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Coronavirus situation at the University of Eastern Finland


Wanted: professionals for a new world of work

Our world is changing rapidly, and the same is true for labour markets. No one can know what the world of work will be like in 10 years, or what kind of competence is needed. When training professionals for tomorrow’s labour markets, one needs to keep up with the times and, preferably, stay one step ahead.

  • Text Nina Venhe | Photos Raija, Törrönen, Varpu Heiskanen and Mostphotos

Unusual and brave combinations of competence are a safe bet when preparing for future labour markets.

Tapio Määttä

Academic Rector

Markku Hauta-Kasari.

The School of Computing is continuously running several research projects that generate insight from the industry. This information is then further refined in the form of academic theses and scientific articles.

“We also organise training sessions and seminars where our students have the opportunity to meet representatives from companies and to hear about practical work in the IT and digital sector. Students also learn about what kinds of tools they should master.” 

Keinonen Tuula in portrait.

 “Our students will adopt a model of collaborative working through co-teaching delivered by teachers from different fields.  Students in teacher education also do some of their studies in mixed groups, and they collaborate during their teaching practice,” Professor Tuula Keinonen, Head of the School of Applied Educational Science and Teacher Education, explains.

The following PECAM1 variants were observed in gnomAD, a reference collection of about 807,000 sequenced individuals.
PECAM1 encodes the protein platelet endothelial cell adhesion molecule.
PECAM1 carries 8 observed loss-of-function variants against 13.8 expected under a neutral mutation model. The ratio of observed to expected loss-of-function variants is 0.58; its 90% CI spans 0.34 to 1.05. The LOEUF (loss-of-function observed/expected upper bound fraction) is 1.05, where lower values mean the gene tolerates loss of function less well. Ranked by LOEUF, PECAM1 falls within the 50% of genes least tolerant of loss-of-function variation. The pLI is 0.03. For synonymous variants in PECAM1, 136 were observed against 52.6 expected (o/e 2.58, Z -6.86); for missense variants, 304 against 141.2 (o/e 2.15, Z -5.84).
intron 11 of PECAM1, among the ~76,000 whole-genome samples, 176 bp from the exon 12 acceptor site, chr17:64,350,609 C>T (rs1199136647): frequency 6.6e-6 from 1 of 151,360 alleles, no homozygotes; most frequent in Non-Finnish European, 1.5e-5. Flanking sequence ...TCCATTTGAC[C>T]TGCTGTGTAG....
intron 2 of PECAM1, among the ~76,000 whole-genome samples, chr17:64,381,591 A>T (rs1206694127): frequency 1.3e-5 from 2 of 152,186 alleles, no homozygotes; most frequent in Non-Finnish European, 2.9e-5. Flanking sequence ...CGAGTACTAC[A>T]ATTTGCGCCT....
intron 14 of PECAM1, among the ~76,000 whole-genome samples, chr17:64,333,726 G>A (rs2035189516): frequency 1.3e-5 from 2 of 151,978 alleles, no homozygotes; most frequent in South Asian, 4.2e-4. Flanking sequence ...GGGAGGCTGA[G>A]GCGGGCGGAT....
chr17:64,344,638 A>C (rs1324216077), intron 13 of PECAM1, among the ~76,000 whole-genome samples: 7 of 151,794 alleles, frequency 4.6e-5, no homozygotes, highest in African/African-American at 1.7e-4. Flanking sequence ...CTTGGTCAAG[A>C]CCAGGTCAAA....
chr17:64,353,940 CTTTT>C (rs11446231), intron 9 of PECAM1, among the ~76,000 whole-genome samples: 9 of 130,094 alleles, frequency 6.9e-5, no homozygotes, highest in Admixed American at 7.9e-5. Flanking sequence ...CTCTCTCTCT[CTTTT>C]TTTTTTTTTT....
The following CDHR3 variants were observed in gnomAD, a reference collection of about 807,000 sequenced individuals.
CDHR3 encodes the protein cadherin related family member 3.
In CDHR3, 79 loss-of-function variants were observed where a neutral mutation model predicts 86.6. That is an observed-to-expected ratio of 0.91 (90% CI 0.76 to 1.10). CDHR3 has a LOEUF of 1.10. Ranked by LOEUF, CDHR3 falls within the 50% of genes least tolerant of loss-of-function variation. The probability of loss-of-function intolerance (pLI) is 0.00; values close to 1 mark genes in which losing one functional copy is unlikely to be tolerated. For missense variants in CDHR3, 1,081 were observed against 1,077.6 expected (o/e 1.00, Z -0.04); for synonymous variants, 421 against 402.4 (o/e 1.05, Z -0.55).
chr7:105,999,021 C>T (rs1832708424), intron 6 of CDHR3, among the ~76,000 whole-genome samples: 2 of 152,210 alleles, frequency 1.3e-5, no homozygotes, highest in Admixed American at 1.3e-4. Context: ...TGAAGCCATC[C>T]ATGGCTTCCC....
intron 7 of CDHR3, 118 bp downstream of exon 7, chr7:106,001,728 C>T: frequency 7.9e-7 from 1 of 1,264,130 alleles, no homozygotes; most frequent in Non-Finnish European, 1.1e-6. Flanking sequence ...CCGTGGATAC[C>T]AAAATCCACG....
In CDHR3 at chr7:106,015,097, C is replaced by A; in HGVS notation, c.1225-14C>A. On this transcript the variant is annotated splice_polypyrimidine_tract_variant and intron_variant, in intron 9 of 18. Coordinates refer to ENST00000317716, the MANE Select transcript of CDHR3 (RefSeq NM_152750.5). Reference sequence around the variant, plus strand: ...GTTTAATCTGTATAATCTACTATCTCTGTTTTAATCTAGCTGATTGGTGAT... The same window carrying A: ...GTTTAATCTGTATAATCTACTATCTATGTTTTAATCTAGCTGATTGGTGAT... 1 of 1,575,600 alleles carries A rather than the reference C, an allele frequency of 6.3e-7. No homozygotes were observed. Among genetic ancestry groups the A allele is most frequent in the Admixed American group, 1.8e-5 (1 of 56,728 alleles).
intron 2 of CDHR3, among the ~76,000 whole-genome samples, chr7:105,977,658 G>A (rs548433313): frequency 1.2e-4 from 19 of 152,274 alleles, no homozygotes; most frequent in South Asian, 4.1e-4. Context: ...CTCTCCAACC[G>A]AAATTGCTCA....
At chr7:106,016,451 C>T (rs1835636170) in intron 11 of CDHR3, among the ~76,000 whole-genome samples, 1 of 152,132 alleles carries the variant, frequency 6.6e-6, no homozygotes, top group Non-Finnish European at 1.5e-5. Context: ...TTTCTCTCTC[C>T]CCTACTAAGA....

Students are also encouraged to participate in different projects that seek to find solutions to real-life pedagogical issues.

Sari Karhapää.

“This is why we welcome our alumni and representatives from companies as visiting lecturers to share their latest business insights. Our students also do company visits.” 

The Business School's close collaboration with companies is also reflected on course contents.

“Our students can do projects where they create a marketing plan for a company or help a company to introduce its products to new markets. Companies are also a source of thesis topics.”

Terhi Saaranen.

The group organising the simulation included teachers from nursing science, pharmacy, medicine and social sciences, as well as from Savonia University of Applied Sciences, Karelia University of Applied Sciences and Kuopio University Hospital.

“Simulation-based education is based on simulations using drama and acting. Students don’t participate in simulations themselves; instead, simulations are executed by actors and professionals from different fields.”